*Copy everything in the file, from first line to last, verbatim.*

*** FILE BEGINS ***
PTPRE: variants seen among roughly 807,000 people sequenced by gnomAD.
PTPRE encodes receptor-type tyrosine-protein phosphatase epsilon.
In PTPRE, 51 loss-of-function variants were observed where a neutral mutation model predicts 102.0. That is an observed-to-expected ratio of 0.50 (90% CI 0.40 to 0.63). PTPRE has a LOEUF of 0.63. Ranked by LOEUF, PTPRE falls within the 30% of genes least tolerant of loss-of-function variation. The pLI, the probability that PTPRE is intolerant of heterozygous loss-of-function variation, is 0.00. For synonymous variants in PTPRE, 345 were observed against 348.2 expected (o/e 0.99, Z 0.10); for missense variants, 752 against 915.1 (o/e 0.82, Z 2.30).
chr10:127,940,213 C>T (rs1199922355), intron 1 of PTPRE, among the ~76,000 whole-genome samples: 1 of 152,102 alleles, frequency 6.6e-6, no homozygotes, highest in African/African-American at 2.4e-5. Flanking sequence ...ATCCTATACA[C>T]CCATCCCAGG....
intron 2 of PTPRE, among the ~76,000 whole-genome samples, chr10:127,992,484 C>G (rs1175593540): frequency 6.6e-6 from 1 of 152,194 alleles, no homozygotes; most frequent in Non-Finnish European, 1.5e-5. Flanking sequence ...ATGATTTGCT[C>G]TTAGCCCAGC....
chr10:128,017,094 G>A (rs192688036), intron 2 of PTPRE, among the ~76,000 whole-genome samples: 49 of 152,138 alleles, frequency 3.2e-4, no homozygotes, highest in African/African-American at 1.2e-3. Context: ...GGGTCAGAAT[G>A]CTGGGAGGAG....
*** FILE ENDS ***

PTPRE: variants seen among roughly 807,000 people sequenced by gnomAD.
PTPRE encodes receptor-type tyrosine-protein phosphatase epsilon.
In PTPRE, 51 loss-of-function variants were observed where a neutral mutation model predicts 102.0. That is an observed-to-expected ratio of 0.50 (90% CI 0.40 to 0.63). PTPRE has a LOEUF of 0.63. Ranked by LOEUF, PTPRE falls within the 30% of genes least tolerant of loss-of-function variation. The pLI, the probability that PTPRE is intolerant of heterozygous loss-of-function variation, is 0.00. For synonymous variants in PTPRE, 345 were observed against 348.2 expected (o/e 0.99, Z 0.10); for missense variants, 752 against 915.1 (o/e 0.82, Z 2.30).
chr10:127,940,213 C>T (rs1199922355), intron 1 of PTPRE, among the ~76,000 whole-genome samples: 1 of 152,102 alleles, frequency 6.6e-6, no homozygotes, highest in African/African-American at 2.4e-5. Flanking sequence ...ATCCTATACA[C>T]CCATCCCAGG....
intron 2 of PTPRE, among the ~76,000 whole-genome samples, chr10:127,992,484 C>G (rs1175593540): frequency 6.6e-6 from 1 of 152,194 alleles, no homozygotes; most frequent in Non-Finnish European, 1.5e-5. Flanking sequence ...ATGATTTGCT[C>G]TTAGCCCAGC....
chr10:128,017,094 G>A (rs192688036), intron 2 of PTPRE, among the ~76,000 whole-genome samples: 49 of 152,138 alleles, frequency 3.2e-4, no homozygotes, highest in African/African-American at 1.2e-3. Context: ...GGGTCAGAAT[G>A]CTGGGAGGAG....